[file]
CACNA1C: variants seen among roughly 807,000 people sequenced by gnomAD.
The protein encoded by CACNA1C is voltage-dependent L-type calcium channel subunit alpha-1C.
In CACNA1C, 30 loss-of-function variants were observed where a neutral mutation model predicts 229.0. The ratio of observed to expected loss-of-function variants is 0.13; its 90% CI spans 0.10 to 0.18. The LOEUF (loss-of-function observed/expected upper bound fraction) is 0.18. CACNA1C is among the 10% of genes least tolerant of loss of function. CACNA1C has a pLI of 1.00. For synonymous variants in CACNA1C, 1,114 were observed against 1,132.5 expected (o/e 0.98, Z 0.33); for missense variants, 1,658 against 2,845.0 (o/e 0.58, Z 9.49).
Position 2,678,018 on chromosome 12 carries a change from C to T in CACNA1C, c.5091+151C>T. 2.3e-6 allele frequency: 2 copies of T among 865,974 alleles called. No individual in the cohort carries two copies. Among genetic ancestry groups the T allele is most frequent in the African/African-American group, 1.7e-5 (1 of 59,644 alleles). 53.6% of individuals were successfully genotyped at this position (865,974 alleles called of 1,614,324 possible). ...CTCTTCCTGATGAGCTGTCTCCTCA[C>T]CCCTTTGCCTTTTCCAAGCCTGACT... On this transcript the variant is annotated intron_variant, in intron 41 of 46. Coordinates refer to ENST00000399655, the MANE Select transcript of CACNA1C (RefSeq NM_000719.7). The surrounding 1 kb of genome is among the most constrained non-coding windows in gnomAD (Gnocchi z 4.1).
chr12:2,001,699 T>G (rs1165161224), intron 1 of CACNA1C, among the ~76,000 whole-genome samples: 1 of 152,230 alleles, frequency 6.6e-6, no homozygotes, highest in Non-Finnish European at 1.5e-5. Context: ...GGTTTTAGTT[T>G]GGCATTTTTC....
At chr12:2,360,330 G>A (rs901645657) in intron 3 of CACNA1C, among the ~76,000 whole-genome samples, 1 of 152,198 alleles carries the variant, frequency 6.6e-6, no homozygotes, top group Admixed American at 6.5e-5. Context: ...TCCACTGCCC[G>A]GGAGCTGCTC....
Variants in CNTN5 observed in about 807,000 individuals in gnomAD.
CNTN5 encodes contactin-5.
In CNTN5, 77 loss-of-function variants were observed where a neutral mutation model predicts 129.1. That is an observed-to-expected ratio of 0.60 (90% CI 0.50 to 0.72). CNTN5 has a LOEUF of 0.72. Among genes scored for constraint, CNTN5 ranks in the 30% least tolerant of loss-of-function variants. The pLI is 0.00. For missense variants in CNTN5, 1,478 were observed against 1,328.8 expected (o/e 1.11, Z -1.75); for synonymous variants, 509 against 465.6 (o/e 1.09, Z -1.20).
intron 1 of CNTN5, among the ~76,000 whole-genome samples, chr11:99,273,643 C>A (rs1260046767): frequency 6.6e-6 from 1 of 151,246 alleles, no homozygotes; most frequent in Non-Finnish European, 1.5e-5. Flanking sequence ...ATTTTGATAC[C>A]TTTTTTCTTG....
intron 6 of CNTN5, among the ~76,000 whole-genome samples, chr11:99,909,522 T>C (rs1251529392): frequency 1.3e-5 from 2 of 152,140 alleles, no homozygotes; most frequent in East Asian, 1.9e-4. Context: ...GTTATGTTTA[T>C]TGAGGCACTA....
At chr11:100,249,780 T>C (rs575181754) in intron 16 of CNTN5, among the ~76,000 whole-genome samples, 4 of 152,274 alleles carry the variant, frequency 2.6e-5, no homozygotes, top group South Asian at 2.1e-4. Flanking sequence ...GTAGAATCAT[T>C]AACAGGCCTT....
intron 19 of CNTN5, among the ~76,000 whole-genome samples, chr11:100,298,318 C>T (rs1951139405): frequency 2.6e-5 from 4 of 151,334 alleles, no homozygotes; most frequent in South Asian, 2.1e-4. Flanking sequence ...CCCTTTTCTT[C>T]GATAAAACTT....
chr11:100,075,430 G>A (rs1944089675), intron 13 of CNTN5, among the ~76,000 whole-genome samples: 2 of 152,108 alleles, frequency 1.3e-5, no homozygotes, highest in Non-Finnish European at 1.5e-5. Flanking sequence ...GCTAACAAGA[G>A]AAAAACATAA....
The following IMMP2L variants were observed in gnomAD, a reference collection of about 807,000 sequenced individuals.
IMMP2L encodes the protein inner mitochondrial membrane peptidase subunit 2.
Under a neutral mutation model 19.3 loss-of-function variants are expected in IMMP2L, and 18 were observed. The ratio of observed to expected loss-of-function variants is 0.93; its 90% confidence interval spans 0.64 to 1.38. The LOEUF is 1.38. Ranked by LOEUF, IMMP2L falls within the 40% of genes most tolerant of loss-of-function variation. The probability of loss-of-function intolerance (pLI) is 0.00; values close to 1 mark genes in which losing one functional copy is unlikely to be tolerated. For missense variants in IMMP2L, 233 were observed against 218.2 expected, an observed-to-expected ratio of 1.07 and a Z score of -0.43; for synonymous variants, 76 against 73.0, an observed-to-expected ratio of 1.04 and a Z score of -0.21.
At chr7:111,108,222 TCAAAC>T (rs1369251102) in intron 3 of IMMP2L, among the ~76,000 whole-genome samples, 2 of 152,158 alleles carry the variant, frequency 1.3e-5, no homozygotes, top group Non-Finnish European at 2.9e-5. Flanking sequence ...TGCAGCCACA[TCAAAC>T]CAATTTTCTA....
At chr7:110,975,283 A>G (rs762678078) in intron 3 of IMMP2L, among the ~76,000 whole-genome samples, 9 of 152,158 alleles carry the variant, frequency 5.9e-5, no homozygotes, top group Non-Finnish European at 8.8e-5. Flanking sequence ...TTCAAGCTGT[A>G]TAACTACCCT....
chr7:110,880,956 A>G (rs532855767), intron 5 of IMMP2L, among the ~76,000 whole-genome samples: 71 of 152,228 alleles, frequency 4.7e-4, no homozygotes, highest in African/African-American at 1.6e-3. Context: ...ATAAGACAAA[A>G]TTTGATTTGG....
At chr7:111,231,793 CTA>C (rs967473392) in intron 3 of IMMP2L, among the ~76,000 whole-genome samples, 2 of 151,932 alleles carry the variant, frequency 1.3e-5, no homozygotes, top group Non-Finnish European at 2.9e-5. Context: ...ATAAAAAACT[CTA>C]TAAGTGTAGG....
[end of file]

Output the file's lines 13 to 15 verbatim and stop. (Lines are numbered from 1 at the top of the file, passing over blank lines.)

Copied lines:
intron 19 of CNTN5, among the ~76,000 whole-genome samples, chr11:100,298,318 C>T (rs1951139405): frequency 2.6e-5 from 4 of 151,334 alleles, no homozygotes; most frequent in South Asian, 2.1e-4. Flanking sequence ...CCCTTTTCTT[C>T]GATAAAACTT....
chr11:100,075,430 G>A (rs1944089675), intron 13 of CNTN5, among the ~76,000 whole-genome samples: 2 of 152,108 alleles, frequency 1.3e-5, no homozygotes, highest in Non-Finnish European at 1.5e-5. Flanking sequence ...GCTAACAAGA[G>A]AAAAACATAA....
The following IMMP2L variants were observed in gnomAD, a reference collection of about 807,000 sequenced individuals.